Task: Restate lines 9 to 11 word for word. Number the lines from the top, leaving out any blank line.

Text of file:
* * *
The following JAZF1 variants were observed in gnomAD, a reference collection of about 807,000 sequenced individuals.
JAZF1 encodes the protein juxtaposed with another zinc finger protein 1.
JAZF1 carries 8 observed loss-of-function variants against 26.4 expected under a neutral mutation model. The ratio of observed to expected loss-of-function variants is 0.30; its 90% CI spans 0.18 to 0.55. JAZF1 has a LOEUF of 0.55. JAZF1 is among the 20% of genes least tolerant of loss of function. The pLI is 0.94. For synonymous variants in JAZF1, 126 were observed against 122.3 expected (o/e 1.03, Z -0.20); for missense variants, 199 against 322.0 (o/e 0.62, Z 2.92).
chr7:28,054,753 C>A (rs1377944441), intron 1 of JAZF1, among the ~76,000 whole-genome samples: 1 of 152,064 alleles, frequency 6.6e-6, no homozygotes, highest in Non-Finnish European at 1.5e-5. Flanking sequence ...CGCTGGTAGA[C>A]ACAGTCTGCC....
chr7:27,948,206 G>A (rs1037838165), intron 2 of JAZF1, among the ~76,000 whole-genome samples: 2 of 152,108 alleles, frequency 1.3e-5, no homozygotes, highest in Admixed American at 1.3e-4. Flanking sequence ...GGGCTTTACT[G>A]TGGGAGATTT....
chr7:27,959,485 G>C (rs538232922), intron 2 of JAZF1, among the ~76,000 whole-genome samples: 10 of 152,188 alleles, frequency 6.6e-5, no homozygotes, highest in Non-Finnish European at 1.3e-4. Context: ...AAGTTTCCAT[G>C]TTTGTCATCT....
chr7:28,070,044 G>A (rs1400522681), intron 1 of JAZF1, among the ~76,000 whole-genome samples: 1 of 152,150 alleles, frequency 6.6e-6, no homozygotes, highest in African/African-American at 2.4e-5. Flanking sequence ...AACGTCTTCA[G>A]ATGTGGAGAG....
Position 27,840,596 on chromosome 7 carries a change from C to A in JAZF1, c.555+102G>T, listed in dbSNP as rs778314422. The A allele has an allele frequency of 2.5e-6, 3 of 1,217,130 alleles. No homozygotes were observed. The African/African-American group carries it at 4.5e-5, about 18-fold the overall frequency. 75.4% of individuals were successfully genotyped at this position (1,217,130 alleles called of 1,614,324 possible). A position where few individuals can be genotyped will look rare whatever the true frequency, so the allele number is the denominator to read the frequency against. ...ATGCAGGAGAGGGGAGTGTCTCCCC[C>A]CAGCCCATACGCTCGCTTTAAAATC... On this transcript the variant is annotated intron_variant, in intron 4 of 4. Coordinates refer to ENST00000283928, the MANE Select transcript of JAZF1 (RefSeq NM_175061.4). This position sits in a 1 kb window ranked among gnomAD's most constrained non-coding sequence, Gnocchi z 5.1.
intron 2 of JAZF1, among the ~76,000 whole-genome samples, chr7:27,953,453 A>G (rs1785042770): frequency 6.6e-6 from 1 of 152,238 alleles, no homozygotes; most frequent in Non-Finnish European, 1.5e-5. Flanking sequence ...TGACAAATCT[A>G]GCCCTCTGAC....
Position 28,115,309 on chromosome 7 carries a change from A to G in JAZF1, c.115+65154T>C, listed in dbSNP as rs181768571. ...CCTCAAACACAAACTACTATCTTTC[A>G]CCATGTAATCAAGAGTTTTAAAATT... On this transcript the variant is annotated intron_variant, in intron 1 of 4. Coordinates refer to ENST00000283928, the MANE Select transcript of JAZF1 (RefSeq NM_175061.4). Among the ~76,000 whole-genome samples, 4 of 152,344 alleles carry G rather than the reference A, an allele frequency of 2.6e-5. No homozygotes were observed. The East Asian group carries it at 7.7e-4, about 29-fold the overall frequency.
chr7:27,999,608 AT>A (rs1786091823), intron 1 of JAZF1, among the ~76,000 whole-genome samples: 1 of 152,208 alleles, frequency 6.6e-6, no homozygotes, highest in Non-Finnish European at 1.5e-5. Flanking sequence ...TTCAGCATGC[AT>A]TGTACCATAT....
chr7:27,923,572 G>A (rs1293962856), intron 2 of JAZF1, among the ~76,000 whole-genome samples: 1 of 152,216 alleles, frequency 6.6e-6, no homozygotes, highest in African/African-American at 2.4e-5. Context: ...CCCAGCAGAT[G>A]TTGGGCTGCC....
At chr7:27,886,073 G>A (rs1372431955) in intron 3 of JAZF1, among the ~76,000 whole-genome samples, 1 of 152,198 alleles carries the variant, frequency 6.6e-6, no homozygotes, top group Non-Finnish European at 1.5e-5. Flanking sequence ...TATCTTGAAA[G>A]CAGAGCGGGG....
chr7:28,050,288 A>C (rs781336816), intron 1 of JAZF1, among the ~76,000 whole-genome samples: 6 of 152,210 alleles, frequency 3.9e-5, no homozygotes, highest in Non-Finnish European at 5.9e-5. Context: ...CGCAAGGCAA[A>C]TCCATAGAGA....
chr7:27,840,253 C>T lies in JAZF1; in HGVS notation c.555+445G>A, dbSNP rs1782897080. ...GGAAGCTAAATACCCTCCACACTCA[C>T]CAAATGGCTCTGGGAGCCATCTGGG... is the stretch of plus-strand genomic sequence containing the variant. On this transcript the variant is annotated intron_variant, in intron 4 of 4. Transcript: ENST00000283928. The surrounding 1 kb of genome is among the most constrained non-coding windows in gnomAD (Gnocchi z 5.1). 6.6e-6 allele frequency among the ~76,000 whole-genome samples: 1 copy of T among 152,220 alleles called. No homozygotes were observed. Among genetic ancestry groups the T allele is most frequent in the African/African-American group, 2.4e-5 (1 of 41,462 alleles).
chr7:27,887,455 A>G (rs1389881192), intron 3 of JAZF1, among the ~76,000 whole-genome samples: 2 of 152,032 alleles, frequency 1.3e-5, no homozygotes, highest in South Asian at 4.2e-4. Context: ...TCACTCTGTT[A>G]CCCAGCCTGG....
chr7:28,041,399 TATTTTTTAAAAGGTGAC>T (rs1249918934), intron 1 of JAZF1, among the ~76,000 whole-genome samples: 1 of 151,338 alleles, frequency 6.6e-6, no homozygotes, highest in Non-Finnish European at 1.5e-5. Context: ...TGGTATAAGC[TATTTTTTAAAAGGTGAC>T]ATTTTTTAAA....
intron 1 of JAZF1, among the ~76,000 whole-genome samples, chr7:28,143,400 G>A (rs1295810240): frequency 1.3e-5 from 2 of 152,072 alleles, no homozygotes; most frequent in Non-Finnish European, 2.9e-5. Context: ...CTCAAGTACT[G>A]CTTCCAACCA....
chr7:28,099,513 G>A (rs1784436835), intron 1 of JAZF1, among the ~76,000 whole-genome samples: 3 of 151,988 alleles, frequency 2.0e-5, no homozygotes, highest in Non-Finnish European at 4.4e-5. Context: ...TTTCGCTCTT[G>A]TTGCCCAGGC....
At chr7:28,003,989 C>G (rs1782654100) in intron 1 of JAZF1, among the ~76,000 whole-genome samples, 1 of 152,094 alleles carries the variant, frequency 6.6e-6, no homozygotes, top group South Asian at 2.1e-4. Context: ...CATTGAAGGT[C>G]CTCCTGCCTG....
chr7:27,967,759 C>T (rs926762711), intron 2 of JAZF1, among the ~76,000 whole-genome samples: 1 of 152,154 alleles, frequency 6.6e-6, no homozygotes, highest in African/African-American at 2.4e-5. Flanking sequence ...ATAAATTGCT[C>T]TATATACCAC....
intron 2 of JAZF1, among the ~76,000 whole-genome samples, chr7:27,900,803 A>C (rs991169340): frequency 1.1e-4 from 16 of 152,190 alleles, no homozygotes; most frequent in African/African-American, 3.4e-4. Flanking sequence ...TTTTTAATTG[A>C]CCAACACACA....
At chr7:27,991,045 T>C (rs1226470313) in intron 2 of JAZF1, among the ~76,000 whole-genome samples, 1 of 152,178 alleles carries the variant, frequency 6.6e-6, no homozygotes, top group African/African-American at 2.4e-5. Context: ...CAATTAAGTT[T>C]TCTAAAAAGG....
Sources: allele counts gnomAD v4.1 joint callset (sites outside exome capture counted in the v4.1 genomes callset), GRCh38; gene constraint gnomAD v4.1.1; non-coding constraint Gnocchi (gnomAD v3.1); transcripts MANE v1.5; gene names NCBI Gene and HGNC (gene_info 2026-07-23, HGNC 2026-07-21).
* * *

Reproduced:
intron 2 of JAZF1, among the ~76,000 whole-genome samples, chr7:27,953,453 A>G (rs1785042770): frequency 6.6e-6 from 1 of 152,238 alleles, no homozygotes; most frequent in Non-Finnish European, 1.5e-5. Flanking sequence ...TGACAAATCT[A>G]GCCCTCTGAC....
Position 28,115,309 on chromosome 7 carries a change from A to G in JAZF1, c.115+65154T>C, listed in dbSNP as rs181768571. ...CCTCAAACACAAACTACTATCTTTC[A>G]CCATGTAATCAAGAGTTTTAAAATT... On this transcript the variant is annotated intron_variant, in intron 1 of 4. Coordinates refer to ENST00000283928, the MANE Select transcript of JAZF1 (RefSeq NM_175061.4). Among the ~76,000 whole-genome samples, 4 of 152,344 alleles carry G rather than the reference A, an allele frequency of 2.6e-5. No homozygotes were observed. The East Asian group carries it at 7.7e-4, about 29-fold the overall frequency.
chr7:27,999,608 AT>A (rs1786091823), intron 1 of JAZF1, among the ~76,000 whole-genome samples: 1 of 152,208 alleles, frequency 6.6e-6, no homozygotes, highest in Non-Finnish European at 1.5e-5. Flanking sequence ...TTCAGCATGC[AT>A]TGTACCATAT....